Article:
Translation & Interpretation


Part 1: Translation & Interpretation

Learning a language–and mastering it!–allows for countless job opportunities and possibilities when entering the workforce. An obvious career is language teacher, but there is so much more available if teaching doesn’t suit or excite you. Translation and interpretation have always fascinated me, but they are oftentimes confused and very different careers (translation is written; interpretation is spoken).

In class, I like to give a demonstration with a regular classroom teacher of what interpretation looks like. We choose a mini lesson beforehand, and then s/he stops after each sentence or phrase so that I can repeat it in Spanish (not simultaneous). I remember one year being distracted when a student sneezed and I missed the sentence I was supposed to interpret (a math lesson on long division); so I stopped and pointed out how crucial 100% focus and concentration are for this profession and that I had #failed in that moment!

This simple exercise ignites a meaningful discussion among students–and there tend to be a lot of questions afterwards. The regular classroom teacher and I even memorized a page-long goat story to retell for second graders one year (video), which included small gestures, is a lesson on compromise, and was great fun! Students all wanted to learn it after we performed and interpreted it!


Resources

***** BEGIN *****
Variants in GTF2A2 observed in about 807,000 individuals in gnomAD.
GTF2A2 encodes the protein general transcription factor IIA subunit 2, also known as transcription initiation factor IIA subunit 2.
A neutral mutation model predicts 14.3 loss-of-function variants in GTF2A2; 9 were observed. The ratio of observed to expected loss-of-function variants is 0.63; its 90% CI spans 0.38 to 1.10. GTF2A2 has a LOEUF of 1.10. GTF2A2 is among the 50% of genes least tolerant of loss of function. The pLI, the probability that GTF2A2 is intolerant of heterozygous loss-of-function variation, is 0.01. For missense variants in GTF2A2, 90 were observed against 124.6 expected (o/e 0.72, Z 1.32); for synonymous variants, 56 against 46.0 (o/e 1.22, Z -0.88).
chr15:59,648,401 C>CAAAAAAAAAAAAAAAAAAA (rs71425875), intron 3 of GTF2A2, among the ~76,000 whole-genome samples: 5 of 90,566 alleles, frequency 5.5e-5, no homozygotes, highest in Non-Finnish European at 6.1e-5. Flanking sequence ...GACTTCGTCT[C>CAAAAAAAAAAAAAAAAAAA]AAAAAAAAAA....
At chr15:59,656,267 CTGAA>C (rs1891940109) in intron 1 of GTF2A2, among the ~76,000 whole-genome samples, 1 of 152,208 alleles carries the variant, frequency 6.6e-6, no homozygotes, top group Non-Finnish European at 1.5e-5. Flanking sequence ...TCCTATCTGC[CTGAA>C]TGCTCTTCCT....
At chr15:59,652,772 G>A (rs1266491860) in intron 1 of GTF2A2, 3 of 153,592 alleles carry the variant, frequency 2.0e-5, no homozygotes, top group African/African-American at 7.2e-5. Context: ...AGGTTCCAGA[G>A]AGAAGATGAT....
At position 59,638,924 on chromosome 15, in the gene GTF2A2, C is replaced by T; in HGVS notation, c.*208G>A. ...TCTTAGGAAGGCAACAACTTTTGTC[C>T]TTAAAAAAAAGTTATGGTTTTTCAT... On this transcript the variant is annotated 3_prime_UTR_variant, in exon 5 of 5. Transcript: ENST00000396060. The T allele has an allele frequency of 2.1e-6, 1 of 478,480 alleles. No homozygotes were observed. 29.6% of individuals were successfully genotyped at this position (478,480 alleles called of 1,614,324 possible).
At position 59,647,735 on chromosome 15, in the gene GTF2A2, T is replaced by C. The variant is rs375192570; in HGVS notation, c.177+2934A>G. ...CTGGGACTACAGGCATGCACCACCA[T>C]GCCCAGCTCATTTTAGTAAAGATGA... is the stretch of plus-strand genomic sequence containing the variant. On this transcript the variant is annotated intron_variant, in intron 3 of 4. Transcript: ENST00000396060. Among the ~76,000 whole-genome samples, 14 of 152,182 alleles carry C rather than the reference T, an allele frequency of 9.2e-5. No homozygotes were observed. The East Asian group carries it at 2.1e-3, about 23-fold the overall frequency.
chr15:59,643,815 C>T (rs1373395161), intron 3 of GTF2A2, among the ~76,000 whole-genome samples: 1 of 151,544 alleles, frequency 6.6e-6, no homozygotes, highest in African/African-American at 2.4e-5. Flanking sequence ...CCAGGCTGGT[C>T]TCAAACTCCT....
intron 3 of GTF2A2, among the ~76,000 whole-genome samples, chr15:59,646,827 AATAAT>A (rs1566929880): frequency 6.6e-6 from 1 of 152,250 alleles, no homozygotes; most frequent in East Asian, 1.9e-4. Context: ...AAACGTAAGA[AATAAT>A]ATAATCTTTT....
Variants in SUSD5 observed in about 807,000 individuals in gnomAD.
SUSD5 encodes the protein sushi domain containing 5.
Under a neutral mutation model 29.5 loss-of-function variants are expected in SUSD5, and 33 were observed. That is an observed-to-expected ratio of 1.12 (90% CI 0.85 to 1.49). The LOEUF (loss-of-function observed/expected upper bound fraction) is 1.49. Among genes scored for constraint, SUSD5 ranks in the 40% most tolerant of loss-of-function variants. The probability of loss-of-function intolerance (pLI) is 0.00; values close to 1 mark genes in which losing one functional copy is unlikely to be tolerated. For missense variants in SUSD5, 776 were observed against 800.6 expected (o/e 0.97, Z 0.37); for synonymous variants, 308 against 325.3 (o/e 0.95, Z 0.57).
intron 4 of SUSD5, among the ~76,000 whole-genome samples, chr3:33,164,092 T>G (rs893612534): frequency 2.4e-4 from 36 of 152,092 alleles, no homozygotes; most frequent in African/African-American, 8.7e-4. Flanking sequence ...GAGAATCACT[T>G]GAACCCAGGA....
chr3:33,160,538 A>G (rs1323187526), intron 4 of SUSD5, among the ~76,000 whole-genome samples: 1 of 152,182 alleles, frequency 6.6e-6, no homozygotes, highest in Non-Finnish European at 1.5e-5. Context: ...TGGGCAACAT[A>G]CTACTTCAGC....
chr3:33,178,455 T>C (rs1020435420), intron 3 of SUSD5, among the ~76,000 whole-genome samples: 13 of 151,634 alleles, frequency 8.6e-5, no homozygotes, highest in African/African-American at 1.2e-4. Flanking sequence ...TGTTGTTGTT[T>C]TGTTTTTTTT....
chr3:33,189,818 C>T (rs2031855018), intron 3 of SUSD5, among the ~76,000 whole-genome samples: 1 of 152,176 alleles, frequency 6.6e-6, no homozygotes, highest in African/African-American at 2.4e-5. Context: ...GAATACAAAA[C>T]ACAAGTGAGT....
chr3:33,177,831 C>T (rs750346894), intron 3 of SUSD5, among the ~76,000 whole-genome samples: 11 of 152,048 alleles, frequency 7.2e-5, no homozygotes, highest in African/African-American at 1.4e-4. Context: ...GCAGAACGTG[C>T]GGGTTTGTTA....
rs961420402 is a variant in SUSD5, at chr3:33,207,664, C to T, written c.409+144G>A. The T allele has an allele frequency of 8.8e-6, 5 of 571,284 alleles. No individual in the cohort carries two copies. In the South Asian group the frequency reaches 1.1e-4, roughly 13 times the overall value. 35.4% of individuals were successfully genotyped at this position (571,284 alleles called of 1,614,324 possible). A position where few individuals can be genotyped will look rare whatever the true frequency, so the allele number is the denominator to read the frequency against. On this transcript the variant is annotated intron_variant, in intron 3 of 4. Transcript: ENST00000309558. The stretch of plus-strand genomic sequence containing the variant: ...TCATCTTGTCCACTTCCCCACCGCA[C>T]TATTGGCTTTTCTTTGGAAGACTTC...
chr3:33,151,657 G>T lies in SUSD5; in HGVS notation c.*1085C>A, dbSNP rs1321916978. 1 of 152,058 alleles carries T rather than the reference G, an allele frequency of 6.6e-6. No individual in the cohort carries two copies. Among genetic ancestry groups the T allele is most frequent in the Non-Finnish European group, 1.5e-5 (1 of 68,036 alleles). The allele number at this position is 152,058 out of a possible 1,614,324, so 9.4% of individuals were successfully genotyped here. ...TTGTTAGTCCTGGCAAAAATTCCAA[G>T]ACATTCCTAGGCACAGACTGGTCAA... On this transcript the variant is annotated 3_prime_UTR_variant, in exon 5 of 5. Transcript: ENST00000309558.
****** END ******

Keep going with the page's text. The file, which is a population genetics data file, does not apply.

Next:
1. Found in Translation: How Language Shapes Our Lives and Transforms the World, Nataly Kelly and Jost Zetzsche
  2. Polyglot: How I Learn Languages–book in PDF, by Kató Lomb
  3. Harmony of Babel: Profiles of Famous Polyglots of Europe, Kató Lomb
  4. LINGO: Around Europe in Sixty Languages, Gaston Dorren
  5. Babel No More, Michael Erard
  6. Dreaming in Chinese, Deborah Fallows
  7. Lost in Translation, Ella Frances Sanders
  8. The Illustrated Book of Sayings, Ella Frances Sanders


Part 2: Syntax & The Untranslatable

Hopefully, you have started to establish a language-learning routine. Now, the race has truly begun. After a few dozen times around the track (metaphorically speaking), you will begin to notice oddities, or so-called quirks in your target language.

Many of these will fall in the category of syntax–the arrangement of words and phrases in language; or, how language is organized–that differs from your native tongue. “Juice of orange/jugo de naranja” instead of orange juice (Spanish); “I doctor/Я доктор”, instead of “I am a doctor” (Russian); “Electric brain/电脑“, instead of “computer” (Mandarin Chinese). You may not be here yet, but when you arrive, try to be flexible in your thinking. “We” are not any more right than “they” are. This is where the beautiful flower of language begins to blossom.

In addition, there can also be more nebulous types of translations, or even completely untranslatable phrases. Regarding the former, Spanish does not have as many words as English, so one word can encompass numerous meanings and nuances; in English, we might have a more specific term. In fact, I have heard before that Swahili is incredibly metaphorical because it only has 5,000 words. Spanish has many more than 5,000 words–rough estimates might say 150,000 words in Spanish. Below, see a few more thoughts on the subject:

With respect to untranslatable words, komorebi/木漏れ日 (in Japanese) means ‘sunlight that filters through the leaves of trees’; there is no English equivalent. Pisanzapra (in Malay) is the time needed to eat a banana. In case you are interested, Ella Frances Sanders has two books devoted entirely to this fascinating topic. Here is one of my favorite untranslatable words:

To read the rest of this post, please click HERE.


Part 3: Ear Training

“Guess the Language” Games

Accents & Gibberish

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